The rosary was led by a priest inside the church, broadcast over loudspeakers for those outside.  While he prayed, we did too, marching around the church counter-clockwise (a tradition in Knock) offering our prayers to God through Mary. 

Then it happened.

On one lap around the church, I felt something leave my chest.  Not an emotion, but a physical action.  Not painful or frightening, but more of an expansion followed by what I would describe as “space” in my chest cavity.  Something that used to be there was no longer.

I held onto this occurrence until we were back in the car on the way home.  I asked Ginny and Sherry about their experience at Knock. “Peaceful.” “Holy.”  “Very nice.” 

Then I told them what happened to me.  They both looked at me in disbelief.

My symptoms disappeared that day and have never returned.  That was six years ago.

A miracle?  Judge for yourself.  I believe it was. 

I also believe that these things happen every day, coming to light in a thousand different ways.  I’m not special, but I was primed to see this take place.  Most of us chalk it up to coincidence.

Our Lady of Knock, pray for us. 

Our Hearts are Restless Until they Rest in You

August 28 is the memorial to St. Augustine of Hippo, a Doctor of the Catholic Church.

St. Augustine is famous for his tremendous intellect and his gift as a great rhetorician.  His books such as Confessions and The City of God are wonderful testaments to the faith, and even though they were written many centuries in the past, are as relevant today as the day they were published.

St. Augustine is also famous for the fact that he was a bit of a rapscallion as a young man, chasing earthly pleasures and forgoing the Lord.  Living a life of excess, he was the object the fervent prayer of his mother, St. Monica.   Her hopes were in the conversion of her wayward son, that he would soon discover the love and joy of Jesus Christ.

Her prayers were like many of ours in that we ask for something to happen.  In her case it was for Augustine’s salvation.  Our prayer might be for the health of family and friends, a new job, or to sell a house. 

St. Augustine wrote about this kind of prayer in his letter to Proba, “a widow, rich and noble, and the mother of an illustrious family …” who had asked him for a discourse on prayer.  His response to her request is quite thorough, as one might expect. 

What he wrote in chapter nine of his letter, however, changed my view of prayer in a way I never thought possible.

“Therefore, when the Apostle says: Let your petitions become known before God, this should not be taken in the sense that they are in fact becoming known to God who certainly knew them before they were made, but that they are becoming known to us before God through submission and not before men through boasting.’”

God already knows our prayers before we pray them.  He knows both the background and the answer to our request.  Our prayers won’t change his mind, pleading as we might our case in the courts of heaven.  Rather, our prayers make us able to receive their answers.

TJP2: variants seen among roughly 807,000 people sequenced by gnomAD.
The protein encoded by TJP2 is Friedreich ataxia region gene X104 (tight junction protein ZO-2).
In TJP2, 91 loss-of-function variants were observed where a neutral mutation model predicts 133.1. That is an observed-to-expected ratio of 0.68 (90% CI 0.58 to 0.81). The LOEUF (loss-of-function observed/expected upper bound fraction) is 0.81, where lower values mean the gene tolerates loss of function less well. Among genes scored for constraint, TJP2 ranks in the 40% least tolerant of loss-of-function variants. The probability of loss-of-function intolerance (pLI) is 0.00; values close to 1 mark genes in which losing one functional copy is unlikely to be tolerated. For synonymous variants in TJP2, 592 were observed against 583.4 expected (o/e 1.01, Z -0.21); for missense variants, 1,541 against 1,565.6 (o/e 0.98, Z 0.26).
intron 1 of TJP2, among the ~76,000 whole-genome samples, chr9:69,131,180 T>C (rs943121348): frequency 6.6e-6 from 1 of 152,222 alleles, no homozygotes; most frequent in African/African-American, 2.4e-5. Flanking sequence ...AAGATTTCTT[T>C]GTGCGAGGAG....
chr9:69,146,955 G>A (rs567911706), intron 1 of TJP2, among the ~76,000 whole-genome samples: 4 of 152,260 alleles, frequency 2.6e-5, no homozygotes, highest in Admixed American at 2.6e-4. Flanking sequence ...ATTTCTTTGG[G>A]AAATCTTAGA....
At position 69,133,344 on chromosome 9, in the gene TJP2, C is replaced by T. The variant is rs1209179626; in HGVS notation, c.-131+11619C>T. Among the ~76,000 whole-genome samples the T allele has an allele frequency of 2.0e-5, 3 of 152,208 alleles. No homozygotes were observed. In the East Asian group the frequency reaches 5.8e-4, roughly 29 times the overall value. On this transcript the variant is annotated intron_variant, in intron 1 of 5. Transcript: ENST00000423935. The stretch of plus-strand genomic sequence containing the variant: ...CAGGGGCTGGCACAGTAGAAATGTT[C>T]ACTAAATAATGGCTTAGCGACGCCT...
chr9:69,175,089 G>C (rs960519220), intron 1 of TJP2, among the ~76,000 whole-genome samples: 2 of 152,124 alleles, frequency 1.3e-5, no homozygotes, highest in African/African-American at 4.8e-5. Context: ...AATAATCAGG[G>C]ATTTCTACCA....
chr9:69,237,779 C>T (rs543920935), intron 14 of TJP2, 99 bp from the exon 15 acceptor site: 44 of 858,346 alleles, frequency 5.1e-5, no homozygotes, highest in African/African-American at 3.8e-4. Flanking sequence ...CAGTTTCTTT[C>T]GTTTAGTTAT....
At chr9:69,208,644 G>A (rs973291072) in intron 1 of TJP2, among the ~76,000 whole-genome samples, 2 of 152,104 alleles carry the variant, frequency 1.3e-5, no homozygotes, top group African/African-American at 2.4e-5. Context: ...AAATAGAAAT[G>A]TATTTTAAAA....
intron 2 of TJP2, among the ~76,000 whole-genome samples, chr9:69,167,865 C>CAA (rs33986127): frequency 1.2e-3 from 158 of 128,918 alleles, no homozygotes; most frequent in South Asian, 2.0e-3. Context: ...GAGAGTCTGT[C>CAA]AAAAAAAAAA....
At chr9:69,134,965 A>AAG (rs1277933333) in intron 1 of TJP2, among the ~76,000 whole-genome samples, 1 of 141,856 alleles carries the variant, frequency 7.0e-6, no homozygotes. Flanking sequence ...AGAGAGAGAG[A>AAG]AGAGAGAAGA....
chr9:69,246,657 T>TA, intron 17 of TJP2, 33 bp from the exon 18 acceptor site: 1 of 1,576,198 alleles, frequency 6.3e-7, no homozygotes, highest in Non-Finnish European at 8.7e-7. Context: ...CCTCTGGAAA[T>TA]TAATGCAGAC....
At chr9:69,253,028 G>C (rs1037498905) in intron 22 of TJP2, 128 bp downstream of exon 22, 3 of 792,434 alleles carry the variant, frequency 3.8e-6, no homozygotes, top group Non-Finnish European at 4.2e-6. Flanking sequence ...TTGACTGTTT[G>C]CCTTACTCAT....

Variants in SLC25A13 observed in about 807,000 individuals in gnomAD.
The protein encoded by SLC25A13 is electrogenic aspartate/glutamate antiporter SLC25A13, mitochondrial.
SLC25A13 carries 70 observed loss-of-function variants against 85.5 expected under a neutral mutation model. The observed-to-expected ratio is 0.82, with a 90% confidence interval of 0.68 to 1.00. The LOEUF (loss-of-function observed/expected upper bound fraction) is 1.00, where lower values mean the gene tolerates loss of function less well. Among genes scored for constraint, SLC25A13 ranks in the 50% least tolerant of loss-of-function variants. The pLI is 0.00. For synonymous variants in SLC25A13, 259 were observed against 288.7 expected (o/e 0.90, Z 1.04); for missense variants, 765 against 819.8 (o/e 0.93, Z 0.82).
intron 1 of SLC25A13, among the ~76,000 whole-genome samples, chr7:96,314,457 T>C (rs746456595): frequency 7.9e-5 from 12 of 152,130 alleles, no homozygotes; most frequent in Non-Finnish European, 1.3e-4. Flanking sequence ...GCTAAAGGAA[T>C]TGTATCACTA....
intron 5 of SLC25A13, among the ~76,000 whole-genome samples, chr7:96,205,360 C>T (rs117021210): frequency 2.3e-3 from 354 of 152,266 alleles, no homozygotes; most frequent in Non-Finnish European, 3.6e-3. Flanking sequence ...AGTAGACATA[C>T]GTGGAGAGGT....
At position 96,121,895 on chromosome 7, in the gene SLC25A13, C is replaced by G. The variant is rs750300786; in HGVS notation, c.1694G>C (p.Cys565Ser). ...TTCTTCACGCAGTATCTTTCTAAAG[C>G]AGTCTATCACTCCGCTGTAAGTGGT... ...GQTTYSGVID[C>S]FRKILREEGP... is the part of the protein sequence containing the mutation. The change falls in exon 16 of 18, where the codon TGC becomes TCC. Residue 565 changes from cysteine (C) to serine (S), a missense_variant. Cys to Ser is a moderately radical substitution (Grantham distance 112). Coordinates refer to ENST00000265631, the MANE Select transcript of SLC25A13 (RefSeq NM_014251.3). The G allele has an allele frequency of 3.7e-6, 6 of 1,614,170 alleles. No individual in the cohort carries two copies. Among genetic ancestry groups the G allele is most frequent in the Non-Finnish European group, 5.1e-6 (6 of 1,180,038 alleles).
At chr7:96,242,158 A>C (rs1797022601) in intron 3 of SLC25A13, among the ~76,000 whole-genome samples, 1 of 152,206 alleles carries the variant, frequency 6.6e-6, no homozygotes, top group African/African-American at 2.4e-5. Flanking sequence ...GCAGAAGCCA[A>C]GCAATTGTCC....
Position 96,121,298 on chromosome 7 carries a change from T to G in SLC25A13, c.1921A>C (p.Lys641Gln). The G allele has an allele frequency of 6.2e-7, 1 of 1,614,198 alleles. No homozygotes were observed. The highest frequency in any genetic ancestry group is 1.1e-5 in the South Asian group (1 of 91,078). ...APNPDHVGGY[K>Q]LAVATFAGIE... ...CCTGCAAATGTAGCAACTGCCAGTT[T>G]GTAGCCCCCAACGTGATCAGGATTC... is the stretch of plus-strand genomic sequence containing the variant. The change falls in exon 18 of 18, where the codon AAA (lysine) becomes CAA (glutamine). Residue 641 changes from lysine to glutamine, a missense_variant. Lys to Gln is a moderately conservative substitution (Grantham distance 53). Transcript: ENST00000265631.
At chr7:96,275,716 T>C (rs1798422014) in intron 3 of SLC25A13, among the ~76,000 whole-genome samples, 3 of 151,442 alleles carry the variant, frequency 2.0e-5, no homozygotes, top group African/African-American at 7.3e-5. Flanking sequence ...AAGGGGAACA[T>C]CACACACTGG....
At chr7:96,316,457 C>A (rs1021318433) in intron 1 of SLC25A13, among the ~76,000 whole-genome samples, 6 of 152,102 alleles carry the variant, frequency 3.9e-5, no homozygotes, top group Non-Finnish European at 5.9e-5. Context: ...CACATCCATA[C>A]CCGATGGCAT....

In his book Confessions, St. Augustine tells us “Our hearts are restless until they rest in you.” In a great act of stewardship, we give the whole of our lives to God.  When we do that, then rest ourselves in the Lord, we find contentment. 

Finding peace and contentment in the Lord is available to us today, just as it was St. Augustine was preaching about it 1,600 years ago.


I know this is a blog about the Diocese of Evansville, yet here I am calling this entry “Kentucky.” Let me tell you why.

When I was attending St. Johns Catholic School in South Milwaukee, Wisconsin, we were given an assignment to find out about state other than Wisconsin. I chose Kentucky, as I was fascinated with Daniel Boone and wilderness of all sorts. For me, in my sheltered world, Kentucky was wilderness.

Those were the days before Google was a word. Our search engine was a book that had “Encylopedia Britannica” written on the cover. I discovered Frankfort was the capitol of Kentucky and sent a self addressed stamped envelope to some bureaucrat there and asked for help in preparing my paper.

They sent back some tourist information, a map, and other interesting things. I read every word of the printed material and vowed to visit Kentucky some day.

Here we are in 2019, some 50+ years later, and I have been to Kentucky three times in the last three months!

Two of those times were to attend retreats at the Mt. St. Joseph retreat center near Owensboro, run by a group of Ursuline sisters. This is a lovely place with a long and fascinating history. On the grounds is a cemetery, the final resting spot for sisters and priests from many years past who called the place their home.

The Ursuline sisters are models of stewardship. They care for the grounds and buildings of the center as though they were gifts from God Himself, which of course they are. More so, the sisters have given their very lives in service to the Lord and the People of God. They are true disciples of Jesus Christ.

That’s what stewardship is.

If you get a chance to visit Mt. St. Joseph, you should do so. You can see for yourself the benefits of living a stewardship life.

Cemetery at Mt. St. Joseph